In the third book of the best-selling Pearseus series, the incessant scheming of the various players and their nebulous puppet-masters has brought about major change. Cyrus is now the new ruler of the Capital, struggling to fight Jonia’s revolt along with his own demons. Gella strives to keep abreast of Teo’s devious plans in order to end the war with Jonia. David returns to the First in an effort to overcome his loss of the Voice. Lehmor’s struggle to reunite with Moirah brings him to uncharted territories, where the enigmatic Iota play with minds, senses and the future of the entire planet. Old foes and unlikely new friends appear as invisible forces continue to pry humanity apart. Masks drop to reveal the ultimate truth: on Pearseus, everyone has their own agenda. And they’ll stop at nothing to achieve it.
Review 4 of 5 Stars
I received a copy of this book in exchange for an honest review. I do not receive payment in any form for this blog.
Nicholas Rossis has managed to capture my attention with the Pearseus series. Each of the books is a standalone story and can be read separately without being too lost with regard to what’s going on. I started at the second book and have now read the third book. Needless to say I should probably go back and read the first one, but the author does an excellent job of explaining things along the way so that you can catch up if you come late to the party. In fact, I had forgotten how engaged I was by the story from reviewing the second book, Rise of the Prince, until I started reading this one and was immediately brought back to the story.
There are all kinds of problems on Pearseus. Far more than I could ever list here and have it be coherent, but it sure keeps things interesting. The Pearseus series covers a period of about 300 years. I haven’t read the first book, Schism, but a pretty good rundown is given in the second book and Mr. Rossis does an excellent job of explaining things along the way for newcomers to the series. There were some typos and incorrect word usage in this book, but overall the story is interesting enough that I didn’t mind coming back for a second tour of Pearseus.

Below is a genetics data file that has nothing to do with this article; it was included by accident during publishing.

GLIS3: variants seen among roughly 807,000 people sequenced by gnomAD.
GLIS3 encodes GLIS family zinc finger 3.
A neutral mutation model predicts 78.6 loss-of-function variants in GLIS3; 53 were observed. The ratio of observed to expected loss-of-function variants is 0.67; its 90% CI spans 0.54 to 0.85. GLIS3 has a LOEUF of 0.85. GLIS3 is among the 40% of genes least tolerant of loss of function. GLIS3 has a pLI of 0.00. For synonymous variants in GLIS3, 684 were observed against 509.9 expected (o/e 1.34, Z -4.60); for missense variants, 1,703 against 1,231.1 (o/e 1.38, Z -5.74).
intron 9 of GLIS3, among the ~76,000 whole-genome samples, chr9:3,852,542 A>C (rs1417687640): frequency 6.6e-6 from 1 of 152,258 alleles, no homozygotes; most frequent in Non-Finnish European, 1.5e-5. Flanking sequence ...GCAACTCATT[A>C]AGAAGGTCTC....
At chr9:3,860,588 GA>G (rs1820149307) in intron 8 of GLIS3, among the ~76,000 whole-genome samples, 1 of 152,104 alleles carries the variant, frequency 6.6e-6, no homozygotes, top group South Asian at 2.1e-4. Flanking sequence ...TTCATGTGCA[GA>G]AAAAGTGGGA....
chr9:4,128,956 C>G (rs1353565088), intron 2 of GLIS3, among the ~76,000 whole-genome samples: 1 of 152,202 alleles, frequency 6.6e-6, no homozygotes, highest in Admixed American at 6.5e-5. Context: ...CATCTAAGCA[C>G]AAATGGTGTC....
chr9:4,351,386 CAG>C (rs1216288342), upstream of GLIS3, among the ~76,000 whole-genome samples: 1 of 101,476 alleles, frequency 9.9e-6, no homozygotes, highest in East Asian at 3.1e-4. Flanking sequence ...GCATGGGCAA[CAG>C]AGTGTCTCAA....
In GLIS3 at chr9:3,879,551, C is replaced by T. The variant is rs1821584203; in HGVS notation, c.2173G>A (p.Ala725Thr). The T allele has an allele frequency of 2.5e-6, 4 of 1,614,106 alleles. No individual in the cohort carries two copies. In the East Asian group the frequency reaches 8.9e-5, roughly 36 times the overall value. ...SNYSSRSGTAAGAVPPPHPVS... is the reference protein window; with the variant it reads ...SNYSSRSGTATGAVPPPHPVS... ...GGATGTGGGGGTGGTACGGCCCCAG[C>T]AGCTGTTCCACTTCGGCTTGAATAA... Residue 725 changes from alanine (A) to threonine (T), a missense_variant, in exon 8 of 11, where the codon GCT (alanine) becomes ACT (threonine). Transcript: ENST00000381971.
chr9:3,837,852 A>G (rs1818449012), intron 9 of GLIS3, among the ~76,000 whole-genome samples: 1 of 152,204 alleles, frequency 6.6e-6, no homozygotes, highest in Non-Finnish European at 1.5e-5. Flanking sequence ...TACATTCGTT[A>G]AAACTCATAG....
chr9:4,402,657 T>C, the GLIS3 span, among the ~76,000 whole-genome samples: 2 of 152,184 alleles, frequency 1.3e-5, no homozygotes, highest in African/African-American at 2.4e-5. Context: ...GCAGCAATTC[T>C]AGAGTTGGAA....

Rival factions are going all out in this latest installment. Mankind may have been thankful that Pearseus was suitable for human habitation when they crash landed, but the centuries since have taken a toll on mankind as Pearseus’ other inhabitants wage war with and through the humans. The Orbs and the Whispers, benevolent and corrupting entities that sprung to life when Pearseus was terraformed by the First’s human ancestors, influence the humans who inhabit Pearseus in this war.
Lehmor, a member of the First, is one of my favorite characters in this story. Lehmor, who cannot become chieftain of the First tribe, the Wind Warriors, because he has lost an appendage and is not considered able-bodied is thrust into circumstances beyond his imagination with the Iotas, the remnants of a civilization lost during an accident, after an altercation with an old friend. Lehmor’s experiences teach him much of the events taking place on Pearseus and he is driven to protect those he loves amidst the machinations of ethereal beings, the Iotas and humans corrupted by the Whispers. Challenges seem to arise at every turn.
There are many intriguing characters in this story and I’d have to go into too much detail to explain why they are relevant which would lead to a ton of spoilers. If you enjoy dark sci-fi with plenty of plot twists then this may just be a good story for you. There are plenty of decisions and moral dilemmas to keep the characters busy and the reader interested.
The characters in this story really came alive for me. There are plots and plans at every turn among the various characters to keep things interesting and moving at a good pace, as well as a good mix of action and thought-provoking moments.I don’t know if there will be another book in this series, but if there is I’m willing to read it and perhaps you would enjoy them too.